Kiss the Sky Tonight -- Month of February 2021
Diffuse nebula NGC 2068, best known as Messier 78, consists of two round greenish nebulae that are actually cavities carved out of the surrounding dark dust clouds. The extended dust is mostly dark, even to NASA's Spitzer Space Telescope, which took this infrared image. The edges show up in mid-wavelength infrared light as glowing, red frames surrounding the bright interiors. Messier 78 is easily seen in small telescopes in the constellation of Orion, just to the northeast of Orion's belt, but looks strikingly different, with dominant, dark swaths of dust. Spitzer's infrared eyes penetrate this dust, revealing the glowing interior of the nebulae. [Video and Content Credits: NASA, JPL – Caltech, and the Office of Public Outreach – STScI] [Image Credit: NASA, JPL-Caltech]
Kiss the Sky Tonight -- Month of February 2021
Welcome to the night sky report for February 2021 -- Your guide to the constellations, deep sky objects, planets, and celestial events that are observable during the month. The brightly starred winter sky beckons on clear, cold nights. In February, the Winter Triangle is your guide to the night sky. The northern hemisphere treats an observer to views of the stars Procyon, Sirius, and Betelgeuse (which together make up the Winter Triangle) and to awe-inspiring views of the Orion Nebula, which is sculpted by the stellar winds of central bright stars. See the bright star Regulus near the Moon and look for Mercury in the first days of February. You'll need a clear view toward the west, as Mercury will appear just a few degrees above the horizon.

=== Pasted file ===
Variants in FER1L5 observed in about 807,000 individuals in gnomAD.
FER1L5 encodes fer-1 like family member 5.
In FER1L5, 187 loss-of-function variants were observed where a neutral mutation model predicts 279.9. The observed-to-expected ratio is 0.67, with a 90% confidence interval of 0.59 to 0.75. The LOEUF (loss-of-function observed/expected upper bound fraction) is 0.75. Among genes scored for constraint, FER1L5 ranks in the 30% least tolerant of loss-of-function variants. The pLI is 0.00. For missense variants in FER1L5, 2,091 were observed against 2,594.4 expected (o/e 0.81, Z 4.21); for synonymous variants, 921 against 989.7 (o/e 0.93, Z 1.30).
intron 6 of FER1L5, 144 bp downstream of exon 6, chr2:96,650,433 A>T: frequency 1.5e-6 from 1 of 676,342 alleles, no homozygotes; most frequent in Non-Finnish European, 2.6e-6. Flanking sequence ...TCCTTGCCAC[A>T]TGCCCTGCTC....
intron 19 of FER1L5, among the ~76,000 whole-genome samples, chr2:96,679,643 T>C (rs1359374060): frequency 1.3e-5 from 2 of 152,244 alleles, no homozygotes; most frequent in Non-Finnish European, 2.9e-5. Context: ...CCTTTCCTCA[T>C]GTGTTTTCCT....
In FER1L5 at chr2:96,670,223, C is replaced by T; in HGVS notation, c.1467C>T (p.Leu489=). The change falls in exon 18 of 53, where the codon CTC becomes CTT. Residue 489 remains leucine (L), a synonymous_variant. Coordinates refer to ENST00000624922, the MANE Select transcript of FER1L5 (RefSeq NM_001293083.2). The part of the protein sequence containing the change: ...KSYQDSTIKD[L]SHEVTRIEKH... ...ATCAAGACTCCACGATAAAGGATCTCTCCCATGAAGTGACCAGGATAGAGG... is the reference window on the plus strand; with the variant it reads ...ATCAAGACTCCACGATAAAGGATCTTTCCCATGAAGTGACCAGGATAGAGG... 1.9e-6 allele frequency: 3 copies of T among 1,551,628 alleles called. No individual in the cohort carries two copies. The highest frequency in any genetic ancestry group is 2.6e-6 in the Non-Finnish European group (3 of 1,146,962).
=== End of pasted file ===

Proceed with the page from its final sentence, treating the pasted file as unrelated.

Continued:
Orion, the hunter of Greek mythology, dominates the heavens with a bright belt of three stars. The hunter’s shoulder is marked by the red supergiant Betelgeuse, a massive star nearing the end of its life. Betelgeuse is roughly 1000 times the size of our sun. An image from NASA’s Hubble Space Telescope shows its huge atmosphere with an enormous, mysterious spot, glowing brightly in ultraviolet light. Hubble’s sharp vision allows astronomers to monitor features of the star’s atmosphere and better understand how it changes over time.